Can you talk a little bit more about how the non-governmental side did then in turn influence the higher-level diplomatic negotiations that were going on at that time? And adding to that, has it continued today? Has it continued to drive that from what was set up in those early relations 50 years ago to set us on the path that we find ourselves?
MILLWOOD: Thanks for that question and for that, I think quite … quotation from the book. So maybe I’ll mention a couple of moments. The first is the is the ping pong diplomacy episode, you know, is the term episode because there were two legs. This is perhaps another surprise as well. A lot of attention is being paid to that first interaction in Japan and then the American team’s visit to China.
But the National Committee, of course, was the host of a return leg of ping pong diplomacy that took place in 1972. It was the first official delegation from the PRC with representatives from the PRC to the United States. And I think this is the first important moment in which these exchanges helped move the relationship forward. The first episode of ping pong diplomacy in March and April 1971 predates Henry Kissinger’s secret visit to China and helped, I think, precipitate that.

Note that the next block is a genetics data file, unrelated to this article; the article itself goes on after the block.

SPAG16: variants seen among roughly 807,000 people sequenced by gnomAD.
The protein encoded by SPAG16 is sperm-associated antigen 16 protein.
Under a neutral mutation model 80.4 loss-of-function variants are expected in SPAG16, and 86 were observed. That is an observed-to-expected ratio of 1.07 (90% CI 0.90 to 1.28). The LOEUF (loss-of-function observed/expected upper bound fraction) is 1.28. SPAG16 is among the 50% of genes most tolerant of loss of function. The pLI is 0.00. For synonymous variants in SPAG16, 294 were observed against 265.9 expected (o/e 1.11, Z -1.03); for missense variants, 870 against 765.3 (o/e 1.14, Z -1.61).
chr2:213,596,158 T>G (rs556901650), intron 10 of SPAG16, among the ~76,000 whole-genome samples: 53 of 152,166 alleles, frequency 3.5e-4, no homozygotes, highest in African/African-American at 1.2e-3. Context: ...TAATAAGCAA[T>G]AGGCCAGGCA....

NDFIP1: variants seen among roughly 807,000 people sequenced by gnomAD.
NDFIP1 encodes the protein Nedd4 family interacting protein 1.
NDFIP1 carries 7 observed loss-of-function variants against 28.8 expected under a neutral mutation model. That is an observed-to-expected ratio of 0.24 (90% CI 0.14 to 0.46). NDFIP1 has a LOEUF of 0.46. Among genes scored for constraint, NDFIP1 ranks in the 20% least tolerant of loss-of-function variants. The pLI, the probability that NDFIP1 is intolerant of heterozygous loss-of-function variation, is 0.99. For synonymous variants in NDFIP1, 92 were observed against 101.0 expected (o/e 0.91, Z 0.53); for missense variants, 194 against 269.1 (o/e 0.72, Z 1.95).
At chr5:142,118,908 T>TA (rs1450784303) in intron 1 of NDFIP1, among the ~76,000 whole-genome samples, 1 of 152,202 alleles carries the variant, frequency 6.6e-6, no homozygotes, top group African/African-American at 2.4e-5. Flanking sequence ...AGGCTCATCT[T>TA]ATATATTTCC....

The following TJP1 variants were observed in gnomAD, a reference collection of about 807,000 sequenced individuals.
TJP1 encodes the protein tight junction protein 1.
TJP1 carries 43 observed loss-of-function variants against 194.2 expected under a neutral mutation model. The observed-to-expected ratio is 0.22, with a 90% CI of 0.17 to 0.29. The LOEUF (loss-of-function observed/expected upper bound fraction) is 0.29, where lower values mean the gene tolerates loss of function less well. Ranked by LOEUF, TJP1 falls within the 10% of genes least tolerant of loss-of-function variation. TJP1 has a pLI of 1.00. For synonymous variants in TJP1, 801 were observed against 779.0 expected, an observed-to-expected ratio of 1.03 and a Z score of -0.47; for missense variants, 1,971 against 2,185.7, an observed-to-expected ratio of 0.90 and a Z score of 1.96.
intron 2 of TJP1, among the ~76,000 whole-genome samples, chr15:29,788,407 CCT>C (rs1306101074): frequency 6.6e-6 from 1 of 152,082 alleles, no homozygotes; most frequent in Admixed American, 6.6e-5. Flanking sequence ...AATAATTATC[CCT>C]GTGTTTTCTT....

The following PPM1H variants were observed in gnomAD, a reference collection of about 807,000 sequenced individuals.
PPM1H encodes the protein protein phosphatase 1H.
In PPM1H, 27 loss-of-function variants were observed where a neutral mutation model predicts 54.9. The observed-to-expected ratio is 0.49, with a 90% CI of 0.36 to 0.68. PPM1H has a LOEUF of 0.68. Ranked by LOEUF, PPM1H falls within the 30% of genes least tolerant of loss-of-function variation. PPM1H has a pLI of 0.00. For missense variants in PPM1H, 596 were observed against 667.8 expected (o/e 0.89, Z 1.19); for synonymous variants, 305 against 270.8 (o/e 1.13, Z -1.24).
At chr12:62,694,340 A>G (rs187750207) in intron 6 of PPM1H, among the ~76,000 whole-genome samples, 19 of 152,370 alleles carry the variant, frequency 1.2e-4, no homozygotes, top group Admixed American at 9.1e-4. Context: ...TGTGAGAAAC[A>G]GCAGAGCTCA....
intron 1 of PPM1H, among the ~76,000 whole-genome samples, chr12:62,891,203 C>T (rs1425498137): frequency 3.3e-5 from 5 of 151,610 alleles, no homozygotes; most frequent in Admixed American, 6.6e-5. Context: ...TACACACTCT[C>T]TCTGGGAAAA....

That visit and the breakthrough in secret negotiations between Kissinger, Nixon and Chinese and the Chinese leaders. And then the second moment in ping pong diplomacy helps to further confirm a sort of broader opening between U.S. and Chinese societies. Soon after, the Nixon visit takes place in April 1972, so just two months after the Nixon summit, the influence of exchange contacts on high level diplomacy continues throughout the 1970s, I think.